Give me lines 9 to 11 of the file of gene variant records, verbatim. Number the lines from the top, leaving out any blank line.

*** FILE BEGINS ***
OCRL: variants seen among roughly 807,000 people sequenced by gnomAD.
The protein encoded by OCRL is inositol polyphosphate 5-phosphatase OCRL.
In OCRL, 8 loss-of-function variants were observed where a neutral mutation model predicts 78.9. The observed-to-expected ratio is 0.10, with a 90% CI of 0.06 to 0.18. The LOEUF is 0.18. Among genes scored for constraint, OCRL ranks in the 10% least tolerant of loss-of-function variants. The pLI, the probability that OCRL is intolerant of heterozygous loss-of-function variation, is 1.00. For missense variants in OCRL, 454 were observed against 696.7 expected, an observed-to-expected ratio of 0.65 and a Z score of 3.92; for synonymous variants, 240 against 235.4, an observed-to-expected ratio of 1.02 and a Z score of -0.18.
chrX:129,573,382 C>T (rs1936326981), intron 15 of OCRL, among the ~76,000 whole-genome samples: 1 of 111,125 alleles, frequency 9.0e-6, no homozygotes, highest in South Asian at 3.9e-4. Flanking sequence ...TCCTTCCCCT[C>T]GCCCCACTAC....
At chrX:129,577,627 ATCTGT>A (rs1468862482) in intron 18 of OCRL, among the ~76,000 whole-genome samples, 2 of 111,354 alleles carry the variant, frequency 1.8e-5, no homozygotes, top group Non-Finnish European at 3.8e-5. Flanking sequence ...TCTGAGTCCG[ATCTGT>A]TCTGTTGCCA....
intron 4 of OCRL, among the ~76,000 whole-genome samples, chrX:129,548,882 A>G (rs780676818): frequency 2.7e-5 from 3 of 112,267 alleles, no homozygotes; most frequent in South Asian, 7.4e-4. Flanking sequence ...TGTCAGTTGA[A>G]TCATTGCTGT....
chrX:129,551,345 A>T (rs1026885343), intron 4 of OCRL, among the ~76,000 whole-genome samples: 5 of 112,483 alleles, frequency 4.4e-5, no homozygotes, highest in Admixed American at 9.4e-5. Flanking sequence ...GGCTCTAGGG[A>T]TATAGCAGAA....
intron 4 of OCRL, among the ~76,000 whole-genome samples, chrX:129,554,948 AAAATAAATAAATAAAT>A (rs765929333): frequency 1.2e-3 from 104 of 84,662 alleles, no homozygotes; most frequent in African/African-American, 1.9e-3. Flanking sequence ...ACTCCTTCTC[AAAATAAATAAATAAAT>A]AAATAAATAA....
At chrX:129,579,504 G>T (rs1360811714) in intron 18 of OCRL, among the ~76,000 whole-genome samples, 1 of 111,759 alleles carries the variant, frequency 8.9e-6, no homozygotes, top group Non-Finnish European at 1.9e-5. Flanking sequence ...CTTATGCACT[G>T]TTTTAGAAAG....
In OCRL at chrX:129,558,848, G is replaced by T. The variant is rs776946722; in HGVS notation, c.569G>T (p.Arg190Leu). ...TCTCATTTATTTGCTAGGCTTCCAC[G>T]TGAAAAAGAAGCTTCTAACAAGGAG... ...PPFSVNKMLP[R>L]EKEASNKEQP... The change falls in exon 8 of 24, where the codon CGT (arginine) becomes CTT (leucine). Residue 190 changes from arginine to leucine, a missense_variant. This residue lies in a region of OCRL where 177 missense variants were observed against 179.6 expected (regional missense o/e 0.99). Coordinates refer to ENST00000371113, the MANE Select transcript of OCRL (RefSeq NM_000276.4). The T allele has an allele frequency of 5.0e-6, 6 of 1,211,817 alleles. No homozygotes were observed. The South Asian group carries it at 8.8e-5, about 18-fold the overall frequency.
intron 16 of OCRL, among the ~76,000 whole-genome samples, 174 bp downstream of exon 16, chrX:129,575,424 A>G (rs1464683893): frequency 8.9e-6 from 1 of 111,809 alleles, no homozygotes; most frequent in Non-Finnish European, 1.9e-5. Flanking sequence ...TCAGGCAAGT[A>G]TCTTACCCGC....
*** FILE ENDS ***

At chrX:129,579,504 G>T (rs1360811714) in intron 18 of OCRL, among the ~76,000 whole-genome samples, 1 of 111,759 alleles carries the variant, frequency 8.9e-6, no homozygotes, top group Non-Finnish European at 1.9e-5. Flanking sequence ...CTTATGCACT[G>T]TTTTAGAAAG....
In OCRL at chrX:129,558,848, G is replaced by T. The variant is rs776946722; in HGVS notation, c.569G>T (p.Arg190Leu). ...TCTCATTTATTTGCTAGGCTTCCAC[G>T]TGAAAAAGAAGCTTCTAACAAGGAG... ...PPFSVNKMLP[R>L]EKEASNKEQP... The change falls in exon 8 of 24, where the codon CGT (arginine) becomes CTT (leucine). Residue 190 changes from arginine to leucine, a missense_variant. This residue lies in a region of OCRL where 177 missense variants were observed against 179.6 expected (regional missense o/e 0.99). Coordinates refer to ENST00000371113, the MANE Select transcript of OCRL (RefSeq NM_000276.4). The T allele has an allele frequency of 5.0e-6, 6 of 1,211,817 alleles. No homozygotes were observed. The South Asian group carries it at 8.8e-5, about 18-fold the overall frequency.
intron 16 of OCRL, among the ~76,000 whole-genome samples, 174 bp downstream of exon 16, chrX:129,575,424 A>G (rs1464683893): frequency 8.9e-6 from 1 of 111,809 alleles, no homozygotes; most frequent in Non-Finnish European, 1.9e-5. Flanking sequence ...TCAGGCAAGT[A>G]TCTTACCCGC....